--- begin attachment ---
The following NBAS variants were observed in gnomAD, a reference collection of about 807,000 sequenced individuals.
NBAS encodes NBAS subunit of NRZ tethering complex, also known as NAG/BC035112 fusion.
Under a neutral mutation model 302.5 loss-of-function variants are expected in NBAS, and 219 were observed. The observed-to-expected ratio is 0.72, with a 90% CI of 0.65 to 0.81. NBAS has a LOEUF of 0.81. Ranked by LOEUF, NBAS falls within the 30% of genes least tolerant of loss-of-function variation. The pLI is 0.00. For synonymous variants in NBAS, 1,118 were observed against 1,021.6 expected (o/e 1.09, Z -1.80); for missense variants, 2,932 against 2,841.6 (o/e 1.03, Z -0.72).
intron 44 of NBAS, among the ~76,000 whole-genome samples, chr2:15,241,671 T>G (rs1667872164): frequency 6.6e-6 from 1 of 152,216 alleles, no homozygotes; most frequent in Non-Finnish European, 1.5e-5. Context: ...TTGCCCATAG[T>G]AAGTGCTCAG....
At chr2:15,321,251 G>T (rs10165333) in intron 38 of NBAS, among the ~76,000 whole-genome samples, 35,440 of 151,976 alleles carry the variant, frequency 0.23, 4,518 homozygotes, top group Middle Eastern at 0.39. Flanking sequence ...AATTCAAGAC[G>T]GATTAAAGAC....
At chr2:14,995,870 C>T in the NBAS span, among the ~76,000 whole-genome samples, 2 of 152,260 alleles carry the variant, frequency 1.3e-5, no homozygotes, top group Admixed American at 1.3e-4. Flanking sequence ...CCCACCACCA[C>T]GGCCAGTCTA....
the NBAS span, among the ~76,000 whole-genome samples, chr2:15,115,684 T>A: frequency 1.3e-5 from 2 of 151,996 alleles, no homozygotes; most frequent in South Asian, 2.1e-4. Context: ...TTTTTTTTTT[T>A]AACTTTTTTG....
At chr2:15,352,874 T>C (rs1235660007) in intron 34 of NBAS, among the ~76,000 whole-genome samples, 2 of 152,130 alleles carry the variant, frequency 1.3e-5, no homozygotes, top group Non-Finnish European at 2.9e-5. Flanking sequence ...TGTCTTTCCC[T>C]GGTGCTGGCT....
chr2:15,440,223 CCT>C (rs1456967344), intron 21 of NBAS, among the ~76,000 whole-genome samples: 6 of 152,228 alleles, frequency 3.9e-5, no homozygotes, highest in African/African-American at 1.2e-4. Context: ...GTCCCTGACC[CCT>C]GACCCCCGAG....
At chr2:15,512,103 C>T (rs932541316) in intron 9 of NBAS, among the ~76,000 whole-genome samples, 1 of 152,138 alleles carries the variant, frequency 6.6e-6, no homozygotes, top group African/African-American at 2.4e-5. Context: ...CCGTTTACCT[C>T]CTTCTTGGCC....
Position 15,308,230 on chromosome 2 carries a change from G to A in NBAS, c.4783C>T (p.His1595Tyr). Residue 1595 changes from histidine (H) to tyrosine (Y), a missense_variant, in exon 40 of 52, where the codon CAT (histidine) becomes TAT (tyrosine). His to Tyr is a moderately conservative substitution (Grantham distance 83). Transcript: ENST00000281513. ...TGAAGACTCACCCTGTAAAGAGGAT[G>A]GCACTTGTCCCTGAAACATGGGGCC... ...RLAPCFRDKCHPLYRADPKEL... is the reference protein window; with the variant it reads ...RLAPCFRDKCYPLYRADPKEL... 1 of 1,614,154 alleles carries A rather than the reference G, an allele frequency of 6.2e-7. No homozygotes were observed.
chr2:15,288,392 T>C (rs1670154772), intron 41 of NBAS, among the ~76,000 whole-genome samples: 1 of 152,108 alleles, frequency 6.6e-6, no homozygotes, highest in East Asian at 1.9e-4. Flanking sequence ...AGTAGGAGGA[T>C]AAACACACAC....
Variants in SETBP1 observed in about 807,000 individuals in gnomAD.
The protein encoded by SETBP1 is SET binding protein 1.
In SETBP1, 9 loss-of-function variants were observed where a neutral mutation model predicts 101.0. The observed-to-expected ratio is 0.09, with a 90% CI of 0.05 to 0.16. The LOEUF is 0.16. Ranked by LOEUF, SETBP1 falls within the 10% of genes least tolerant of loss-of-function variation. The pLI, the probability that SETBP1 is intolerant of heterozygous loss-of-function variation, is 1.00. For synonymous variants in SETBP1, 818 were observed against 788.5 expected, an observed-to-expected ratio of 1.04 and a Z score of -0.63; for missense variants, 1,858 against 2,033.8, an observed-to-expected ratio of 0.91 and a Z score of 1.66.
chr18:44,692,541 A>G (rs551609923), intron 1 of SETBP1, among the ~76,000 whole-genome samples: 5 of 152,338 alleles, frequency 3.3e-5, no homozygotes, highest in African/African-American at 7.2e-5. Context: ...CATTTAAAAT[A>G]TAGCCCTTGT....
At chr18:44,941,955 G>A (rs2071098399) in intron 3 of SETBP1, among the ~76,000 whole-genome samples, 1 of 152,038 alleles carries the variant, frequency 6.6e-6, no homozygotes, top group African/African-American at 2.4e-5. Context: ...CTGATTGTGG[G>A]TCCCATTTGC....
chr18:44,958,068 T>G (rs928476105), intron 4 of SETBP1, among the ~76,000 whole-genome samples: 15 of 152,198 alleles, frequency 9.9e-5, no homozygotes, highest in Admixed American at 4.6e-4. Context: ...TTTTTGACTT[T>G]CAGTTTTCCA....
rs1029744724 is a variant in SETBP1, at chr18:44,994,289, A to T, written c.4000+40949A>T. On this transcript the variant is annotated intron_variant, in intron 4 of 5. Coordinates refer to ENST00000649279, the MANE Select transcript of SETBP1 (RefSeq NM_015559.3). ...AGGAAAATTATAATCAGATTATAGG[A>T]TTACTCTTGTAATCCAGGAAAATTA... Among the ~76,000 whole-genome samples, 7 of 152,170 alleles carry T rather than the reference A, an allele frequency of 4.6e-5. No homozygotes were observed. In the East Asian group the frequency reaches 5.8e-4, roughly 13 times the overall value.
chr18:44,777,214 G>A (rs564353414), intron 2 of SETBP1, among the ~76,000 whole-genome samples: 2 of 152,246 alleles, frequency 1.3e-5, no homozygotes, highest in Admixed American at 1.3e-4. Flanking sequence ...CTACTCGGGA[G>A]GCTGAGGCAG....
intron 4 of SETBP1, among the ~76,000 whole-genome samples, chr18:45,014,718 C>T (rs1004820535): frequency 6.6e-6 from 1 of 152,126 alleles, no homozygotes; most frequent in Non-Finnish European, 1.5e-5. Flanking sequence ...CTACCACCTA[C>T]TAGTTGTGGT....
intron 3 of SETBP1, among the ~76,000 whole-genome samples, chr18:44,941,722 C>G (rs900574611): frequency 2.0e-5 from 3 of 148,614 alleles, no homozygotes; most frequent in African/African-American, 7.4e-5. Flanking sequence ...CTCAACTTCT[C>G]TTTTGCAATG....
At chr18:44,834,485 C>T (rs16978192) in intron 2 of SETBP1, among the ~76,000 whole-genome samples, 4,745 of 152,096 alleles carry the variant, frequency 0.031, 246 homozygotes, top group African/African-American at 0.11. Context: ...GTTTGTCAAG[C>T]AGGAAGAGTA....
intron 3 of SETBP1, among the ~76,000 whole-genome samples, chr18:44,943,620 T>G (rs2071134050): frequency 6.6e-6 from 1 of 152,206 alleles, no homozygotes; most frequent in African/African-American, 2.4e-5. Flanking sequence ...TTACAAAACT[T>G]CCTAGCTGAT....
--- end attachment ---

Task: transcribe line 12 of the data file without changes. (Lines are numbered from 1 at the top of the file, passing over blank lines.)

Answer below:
chr2:15,288,392 T>C (rs1670154772), intron 41 of NBAS, among the ~76,000 whole-genome samples: 1 of 152,108 alleles, frequency 6.6e-6, no homozygotes, highest in East Asian at 1.9e-4. Flanking sequence ...AGTAGGAGGA[T>C]AAACACACAC....